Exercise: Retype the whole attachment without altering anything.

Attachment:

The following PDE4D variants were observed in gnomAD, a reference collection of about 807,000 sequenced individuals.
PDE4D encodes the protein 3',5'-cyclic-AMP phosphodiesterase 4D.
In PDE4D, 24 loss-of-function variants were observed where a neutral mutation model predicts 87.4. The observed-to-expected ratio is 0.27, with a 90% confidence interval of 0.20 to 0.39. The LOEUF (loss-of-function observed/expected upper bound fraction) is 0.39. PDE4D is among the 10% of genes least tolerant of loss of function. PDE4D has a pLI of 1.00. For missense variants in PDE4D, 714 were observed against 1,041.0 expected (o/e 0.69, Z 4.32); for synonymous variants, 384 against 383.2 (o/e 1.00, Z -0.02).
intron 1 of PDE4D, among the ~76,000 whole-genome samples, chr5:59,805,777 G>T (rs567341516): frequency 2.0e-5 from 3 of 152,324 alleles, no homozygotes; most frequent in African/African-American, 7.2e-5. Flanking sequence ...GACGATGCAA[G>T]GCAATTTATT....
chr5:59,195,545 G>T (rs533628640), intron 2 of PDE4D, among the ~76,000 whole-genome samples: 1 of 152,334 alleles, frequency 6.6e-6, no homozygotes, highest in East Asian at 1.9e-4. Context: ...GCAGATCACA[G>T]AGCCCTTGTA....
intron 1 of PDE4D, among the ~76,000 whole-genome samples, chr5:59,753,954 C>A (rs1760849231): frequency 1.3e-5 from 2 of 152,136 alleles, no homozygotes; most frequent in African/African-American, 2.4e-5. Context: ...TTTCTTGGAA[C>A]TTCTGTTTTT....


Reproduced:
The following PDE4D variants were observed in gnomAD, a reference collection of about 807,000 sequenced individuals.
PDE4D encodes the protein 3',5'-cyclic-AMP phosphodiesterase 4D.
In PDE4D, 24 loss-of-function variants were observed where a neutral mutation model predicts 87.4. The observed-to-expected ratio is 0.27, with a 90% confidence interval of 0.20 to 0.39. The LOEUF (loss-of-function observed/expected upper bound fraction) is 0.39. PDE4D is among the 10% of genes least tolerant of loss of function. PDE4D has a pLI of 1.00. For missense variants in PDE4D, 714 were observed against 1,041.0 expected (o/e 0.69, Z 4.32); for synonymous variants, 384 against 383.2 (o/e 1.00, Z -0.02).
intron 1 of PDE4D, among the ~76,000 whole-genome samples, chr5:59,805,777 G>T (rs567341516): frequency 2.0e-5 from 3 of 152,324 alleles, no homozygotes; most frequent in African/African-American, 7.2e-5. Flanking sequence ...GACGATGCAA[G>T]GCAATTTATT....
chr5:59,195,545 G>T (rs533628640), intron 2 of PDE4D, among the ~76,000 whole-genome samples: 1 of 152,334 alleles, frequency 6.6e-6, no homozygotes, highest in East Asian at 1.9e-4. Context: ...GCAGATCACA[G>T]AGCCCTTGTA....
intron 1 of PDE4D, among the ~76,000 whole-genome samples, chr5:59,753,954 C>A (rs1760849231): frequency 1.3e-5 from 2 of 152,136 alleles, no homozygotes; most frequent in African/African-American, 2.4e-5. Context: ...TTTCTTGGAA[C>A]TTCTGTTTTT....